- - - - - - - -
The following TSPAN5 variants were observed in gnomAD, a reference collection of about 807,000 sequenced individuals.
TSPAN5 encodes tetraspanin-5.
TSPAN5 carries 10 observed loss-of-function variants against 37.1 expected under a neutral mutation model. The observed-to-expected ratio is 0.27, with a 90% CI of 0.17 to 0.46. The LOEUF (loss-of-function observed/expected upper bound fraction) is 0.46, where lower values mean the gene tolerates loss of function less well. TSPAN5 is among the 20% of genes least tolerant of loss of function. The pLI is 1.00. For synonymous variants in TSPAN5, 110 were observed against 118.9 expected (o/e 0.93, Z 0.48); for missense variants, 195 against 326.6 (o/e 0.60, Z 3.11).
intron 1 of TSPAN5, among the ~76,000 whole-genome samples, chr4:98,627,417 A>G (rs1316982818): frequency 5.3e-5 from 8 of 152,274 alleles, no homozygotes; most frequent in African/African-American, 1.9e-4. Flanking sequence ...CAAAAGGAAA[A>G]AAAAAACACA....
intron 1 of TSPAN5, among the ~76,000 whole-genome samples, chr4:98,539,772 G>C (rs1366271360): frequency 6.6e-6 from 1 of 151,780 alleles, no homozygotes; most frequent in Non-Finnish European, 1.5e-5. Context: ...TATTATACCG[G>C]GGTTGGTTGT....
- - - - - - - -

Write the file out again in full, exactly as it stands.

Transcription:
The following TSPAN5 variants were observed in gnomAD, a reference collection of about 807,000 sequenced individuals.
TSPAN5 encodes tetraspanin-5.
TSPAN5 carries 10 observed loss-of-function variants against 37.1 expected under a neutral mutation model. The observed-to-expected ratio is 0.27, with a 90% CI of 0.17 to 0.46. The LOEUF (loss-of-function observed/expected upper bound fraction) is 0.46, where lower values mean the gene tolerates loss of function less well. TSPAN5 is among the 20% of genes least tolerant of loss of function. The pLI is 1.00. For synonymous variants in TSPAN5, 110 were observed against 118.9 expected (o/e 0.93, Z 0.48); for missense variants, 195 against 326.6 (o/e 0.60, Z 3.11).
intron 1 of TSPAN5, among the ~76,000 whole-genome samples, chr4:98,627,417 A>G (rs1316982818): frequency 5.3e-5 from 8 of 152,274 alleles, no homozygotes; most frequent in African/African-American, 1.9e-4. Flanking sequence ...CAAAAGGAAA[A>G]AAAAAACACA....
intron 1 of TSPAN5, among the ~76,000 whole-genome samples, chr4:98,539,772 G>C (rs1366271360): frequency 6.6e-6 from 1 of 151,780 alleles, no homozygotes; most frequent in Non-Finnish European, 1.5e-5. Context: ...TATTATACCG[G>C]GGTTGGTTGT....